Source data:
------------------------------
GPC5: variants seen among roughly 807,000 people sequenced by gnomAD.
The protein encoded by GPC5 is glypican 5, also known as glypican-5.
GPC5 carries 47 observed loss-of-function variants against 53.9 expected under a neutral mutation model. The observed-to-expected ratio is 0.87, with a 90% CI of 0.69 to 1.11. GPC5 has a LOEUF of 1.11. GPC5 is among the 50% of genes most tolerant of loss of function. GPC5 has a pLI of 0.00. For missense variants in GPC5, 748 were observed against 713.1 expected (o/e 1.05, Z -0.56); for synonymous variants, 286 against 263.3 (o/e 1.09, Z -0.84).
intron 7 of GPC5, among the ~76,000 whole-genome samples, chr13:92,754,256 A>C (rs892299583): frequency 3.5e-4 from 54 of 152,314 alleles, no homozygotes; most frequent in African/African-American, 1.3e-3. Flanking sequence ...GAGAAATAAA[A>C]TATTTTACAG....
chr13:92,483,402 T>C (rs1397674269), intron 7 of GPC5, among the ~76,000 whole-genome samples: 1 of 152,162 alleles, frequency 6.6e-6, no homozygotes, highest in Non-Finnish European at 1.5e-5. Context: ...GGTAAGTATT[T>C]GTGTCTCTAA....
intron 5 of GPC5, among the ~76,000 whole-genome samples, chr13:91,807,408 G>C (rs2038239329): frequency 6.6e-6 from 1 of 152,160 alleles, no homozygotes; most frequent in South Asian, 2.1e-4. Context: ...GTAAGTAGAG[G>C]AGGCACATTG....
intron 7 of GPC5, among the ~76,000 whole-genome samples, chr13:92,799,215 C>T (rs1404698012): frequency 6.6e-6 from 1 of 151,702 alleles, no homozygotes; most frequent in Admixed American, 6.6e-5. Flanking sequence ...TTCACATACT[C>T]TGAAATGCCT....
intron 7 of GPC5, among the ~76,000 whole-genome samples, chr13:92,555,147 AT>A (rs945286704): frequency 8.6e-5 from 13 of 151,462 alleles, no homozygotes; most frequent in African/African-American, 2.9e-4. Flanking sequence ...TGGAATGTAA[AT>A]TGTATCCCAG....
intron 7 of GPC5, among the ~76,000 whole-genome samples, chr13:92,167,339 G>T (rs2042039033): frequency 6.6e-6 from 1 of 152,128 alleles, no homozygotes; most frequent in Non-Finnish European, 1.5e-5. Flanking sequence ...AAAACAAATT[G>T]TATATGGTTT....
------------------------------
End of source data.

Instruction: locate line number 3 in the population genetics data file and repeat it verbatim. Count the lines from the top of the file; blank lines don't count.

GPC5 carries 47 observed loss-of-function variants against 53.9 expected under a neutral mutation model. The observed-to-expected ratio is 0.87, with a 90% CI of 0.69 to 1.11. GPC5 has a LOEUF of 1.11. GPC5 is among the 50% of genes most tolerant of loss of function. GPC5 has a pLI of 0.00. For missense variants in GPC5, 748 were observed against 713.1 expected (o/e 1.05, Z -0.56); for synonymous variants, 286 against 263.3 (o/e 1.09, Z -0.84).